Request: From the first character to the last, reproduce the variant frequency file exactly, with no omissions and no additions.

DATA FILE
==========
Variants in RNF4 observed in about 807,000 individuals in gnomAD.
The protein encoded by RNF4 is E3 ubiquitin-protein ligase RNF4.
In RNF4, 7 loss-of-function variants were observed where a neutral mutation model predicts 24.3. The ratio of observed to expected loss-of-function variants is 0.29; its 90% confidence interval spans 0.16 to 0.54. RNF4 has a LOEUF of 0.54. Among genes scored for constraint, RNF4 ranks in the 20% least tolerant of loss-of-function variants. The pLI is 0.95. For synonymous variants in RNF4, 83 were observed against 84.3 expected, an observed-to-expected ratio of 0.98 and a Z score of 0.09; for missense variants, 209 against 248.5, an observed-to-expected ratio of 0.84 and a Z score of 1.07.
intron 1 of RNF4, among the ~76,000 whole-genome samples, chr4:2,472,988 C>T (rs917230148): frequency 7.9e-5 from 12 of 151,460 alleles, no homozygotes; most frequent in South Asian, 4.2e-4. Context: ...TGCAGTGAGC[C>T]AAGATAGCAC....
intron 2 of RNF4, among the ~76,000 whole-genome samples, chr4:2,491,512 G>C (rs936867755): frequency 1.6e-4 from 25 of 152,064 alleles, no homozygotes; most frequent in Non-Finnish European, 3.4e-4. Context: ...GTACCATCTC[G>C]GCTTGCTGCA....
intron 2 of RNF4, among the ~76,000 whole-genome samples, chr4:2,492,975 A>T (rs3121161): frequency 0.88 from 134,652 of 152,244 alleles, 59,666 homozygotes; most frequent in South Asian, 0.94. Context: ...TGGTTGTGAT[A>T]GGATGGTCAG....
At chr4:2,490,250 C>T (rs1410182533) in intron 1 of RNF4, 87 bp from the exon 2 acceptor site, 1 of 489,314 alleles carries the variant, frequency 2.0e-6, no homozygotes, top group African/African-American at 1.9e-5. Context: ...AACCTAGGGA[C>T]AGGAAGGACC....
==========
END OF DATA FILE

Variants in RNF4 observed in about 807,000 individuals in gnomAD.
The protein encoded by RNF4 is E3 ubiquitin-protein ligase RNF4.
In RNF4, 7 loss-of-function variants were observed where a neutral mutation model predicts 24.3. The ratio of observed to expected loss-of-function variants is 0.29; its 90% confidence interval spans 0.16 to 0.54. RNF4 has a LOEUF of 0.54. Among genes scored for constraint, RNF4 ranks in the 20% least tolerant of loss-of-function variants. The pLI is 0.95. For synonymous variants in RNF4, 83 were observed against 84.3 expected, an observed-to-expected ratio of 0.98 and a Z score of 0.09; for missense variants, 209 against 248.5, an observed-to-expected ratio of 0.84 and a Z score of 1.07.
intron 1 of RNF4, among the ~76,000 whole-genome samples, chr4:2,472,988 C>T (rs917230148): frequency 7.9e-5 from 12 of 151,460 alleles, no homozygotes; most frequent in South Asian, 4.2e-4. Context: ...TGCAGTGAGC[C>T]AAGATAGCAC....
intron 2 of RNF4, among the ~76,000 whole-genome samples, chr4:2,491,512 G>C (rs936867755): frequency 1.6e-4 from 25 of 152,064 alleles, no homozygotes; most frequent in Non-Finnish European, 3.4e-4. Context: ...GTACCATCTC[G>C]GCTTGCTGCA....
intron 2 of RNF4, among the ~76,000 whole-genome samples, chr4:2,492,975 A>T (rs3121161): frequency 0.88 from 134,652 of 152,244 alleles, 59,666 homozygotes; most frequent in South Asian, 0.94. Context: ...TGGTTGTGAT[A>T]GGATGGTCAG....
At chr4:2,490,250 C>T (rs1410182533) in intron 1 of RNF4, 87 bp from the exon 2 acceptor site, 1 of 489,314 alleles carries the variant, frequency 2.0e-6, no homozygotes, top group African/African-American at 1.9e-5. Context: ...AACCTAGGGA[C>T]AGGAAGGACC....